With six planning initiatives in the neighbourhood in 2014, its time for the City and the neighbours to take a serious look at the role the neighbourhood should have in decisions being made in City Hall. Shelley Arnstein got it right in 1967. She created a ladder of public participation, making it easy to see how much power a government permitted its citizens to share. Hamilton should be a leader in public participation. Its mission statement, found everywhere in City activities is clear: To be the best place in Canada to engage citizens. HWN would like to help Hamilton residents move up the ladder but first we have to see where what rung we stand on.
There are two ways of looking at our score. People around the world have formed an association specializing in public participation. We have a branch in Canada, the International Association of Public Participation. I prefer their logo - IAP2 - and you can find Canada's branch here: www.iap2canada.ca. While any organization with the word "International" in it will be a long way away from neighbourhoods, they have produced a great guide to measuring our City's performance in "engaging citizens".
Going back for simplicity to Arnstein's ladder, here's what it looks like today. And the question the North End neighbourhood faces today is how did it get to this low rung when the Secondary Plan for the neighbourhood was developed over 10 years by a planning partnership between the neighbourhood and the City. That Secondary Plan, known as Setting Sail, is full of content provided by neighbourhood volunteers. The same happened with the traffic management plan developed to protect children in the North End. What caused the City to retreat inside City Hall and return to the ancient format of hiring suits from Toronto to plan the neighbourhood when the community can do that job with far less cost and far more expertise? Here's where we are today:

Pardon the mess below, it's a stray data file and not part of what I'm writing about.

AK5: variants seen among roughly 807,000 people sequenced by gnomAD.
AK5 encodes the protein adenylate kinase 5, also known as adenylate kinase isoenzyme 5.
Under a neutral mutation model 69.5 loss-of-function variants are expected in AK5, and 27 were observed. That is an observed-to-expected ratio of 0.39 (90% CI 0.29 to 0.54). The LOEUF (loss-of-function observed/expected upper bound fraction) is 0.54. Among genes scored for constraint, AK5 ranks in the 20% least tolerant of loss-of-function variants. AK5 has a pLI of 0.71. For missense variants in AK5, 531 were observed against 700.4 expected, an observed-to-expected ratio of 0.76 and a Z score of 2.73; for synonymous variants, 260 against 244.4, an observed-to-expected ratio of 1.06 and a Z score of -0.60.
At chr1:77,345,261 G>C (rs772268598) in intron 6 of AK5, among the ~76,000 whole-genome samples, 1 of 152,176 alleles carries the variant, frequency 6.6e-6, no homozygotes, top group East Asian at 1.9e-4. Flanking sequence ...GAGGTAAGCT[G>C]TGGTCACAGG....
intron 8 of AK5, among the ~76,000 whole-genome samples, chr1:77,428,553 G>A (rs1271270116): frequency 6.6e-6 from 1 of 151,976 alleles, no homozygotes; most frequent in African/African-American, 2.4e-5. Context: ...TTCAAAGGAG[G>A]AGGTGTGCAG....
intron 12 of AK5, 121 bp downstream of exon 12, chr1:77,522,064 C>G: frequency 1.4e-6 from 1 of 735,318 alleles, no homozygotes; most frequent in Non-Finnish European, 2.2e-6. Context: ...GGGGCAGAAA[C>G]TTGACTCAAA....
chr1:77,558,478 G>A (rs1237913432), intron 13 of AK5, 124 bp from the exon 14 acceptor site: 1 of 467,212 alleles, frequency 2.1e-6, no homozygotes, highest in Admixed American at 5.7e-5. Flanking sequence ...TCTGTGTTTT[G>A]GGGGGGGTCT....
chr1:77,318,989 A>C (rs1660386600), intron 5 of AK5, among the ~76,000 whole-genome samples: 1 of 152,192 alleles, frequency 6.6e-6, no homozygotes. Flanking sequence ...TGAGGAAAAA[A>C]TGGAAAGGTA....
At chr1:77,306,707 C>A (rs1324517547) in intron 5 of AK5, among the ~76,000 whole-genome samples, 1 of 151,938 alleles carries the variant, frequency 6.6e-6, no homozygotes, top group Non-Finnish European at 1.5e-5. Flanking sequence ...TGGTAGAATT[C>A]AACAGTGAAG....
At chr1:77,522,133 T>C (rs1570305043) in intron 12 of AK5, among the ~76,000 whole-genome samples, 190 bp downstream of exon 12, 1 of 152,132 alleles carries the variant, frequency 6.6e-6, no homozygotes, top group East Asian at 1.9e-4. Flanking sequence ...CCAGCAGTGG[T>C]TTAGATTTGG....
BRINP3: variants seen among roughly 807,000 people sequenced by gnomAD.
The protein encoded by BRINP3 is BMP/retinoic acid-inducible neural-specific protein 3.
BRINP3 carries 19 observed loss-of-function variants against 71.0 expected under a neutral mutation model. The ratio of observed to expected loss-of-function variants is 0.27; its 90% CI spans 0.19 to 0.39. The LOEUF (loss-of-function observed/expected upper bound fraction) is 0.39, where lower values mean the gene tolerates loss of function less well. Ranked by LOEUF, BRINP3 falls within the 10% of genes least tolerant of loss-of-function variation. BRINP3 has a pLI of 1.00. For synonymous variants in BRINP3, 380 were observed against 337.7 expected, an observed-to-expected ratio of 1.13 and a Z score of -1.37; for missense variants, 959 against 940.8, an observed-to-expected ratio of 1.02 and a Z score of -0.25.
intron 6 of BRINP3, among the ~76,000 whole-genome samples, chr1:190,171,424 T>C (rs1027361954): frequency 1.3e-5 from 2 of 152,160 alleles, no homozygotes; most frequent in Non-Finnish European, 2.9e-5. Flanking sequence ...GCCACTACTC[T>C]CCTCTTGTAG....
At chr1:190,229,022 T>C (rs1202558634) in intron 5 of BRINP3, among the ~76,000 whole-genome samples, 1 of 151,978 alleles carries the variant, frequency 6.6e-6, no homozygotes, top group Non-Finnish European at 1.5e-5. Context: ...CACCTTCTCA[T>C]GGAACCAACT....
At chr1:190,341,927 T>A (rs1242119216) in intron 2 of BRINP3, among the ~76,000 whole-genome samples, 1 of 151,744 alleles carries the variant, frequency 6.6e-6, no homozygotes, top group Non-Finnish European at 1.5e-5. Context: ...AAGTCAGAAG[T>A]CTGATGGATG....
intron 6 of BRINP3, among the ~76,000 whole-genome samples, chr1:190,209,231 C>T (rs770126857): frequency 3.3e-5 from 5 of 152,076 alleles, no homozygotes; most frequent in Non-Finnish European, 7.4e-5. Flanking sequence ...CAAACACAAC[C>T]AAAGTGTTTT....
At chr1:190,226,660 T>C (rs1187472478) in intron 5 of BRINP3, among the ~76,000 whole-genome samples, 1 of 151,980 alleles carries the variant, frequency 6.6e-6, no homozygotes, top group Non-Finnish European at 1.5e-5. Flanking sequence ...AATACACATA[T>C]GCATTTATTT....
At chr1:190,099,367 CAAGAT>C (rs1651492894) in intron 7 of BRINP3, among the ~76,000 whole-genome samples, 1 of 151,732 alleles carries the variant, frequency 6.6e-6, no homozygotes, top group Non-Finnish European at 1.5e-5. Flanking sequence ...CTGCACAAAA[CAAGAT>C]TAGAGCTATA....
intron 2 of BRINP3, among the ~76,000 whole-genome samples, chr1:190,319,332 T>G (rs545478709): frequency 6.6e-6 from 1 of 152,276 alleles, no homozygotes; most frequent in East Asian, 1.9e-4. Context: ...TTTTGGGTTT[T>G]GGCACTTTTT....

There is serious work ahead for everyone in Hamilton who is concerned about finding a way to make Hamilton's mission statement a reality. What happened to the North End neighbourhood in 2014 is a radical departure from what it was and should be. This debate does not just impact the North End. The recent Tivoli decision was similarly free of expert stakeholder input. The only two negotiating partners were the developer and the City. This is a bad omen that needs fixing fast.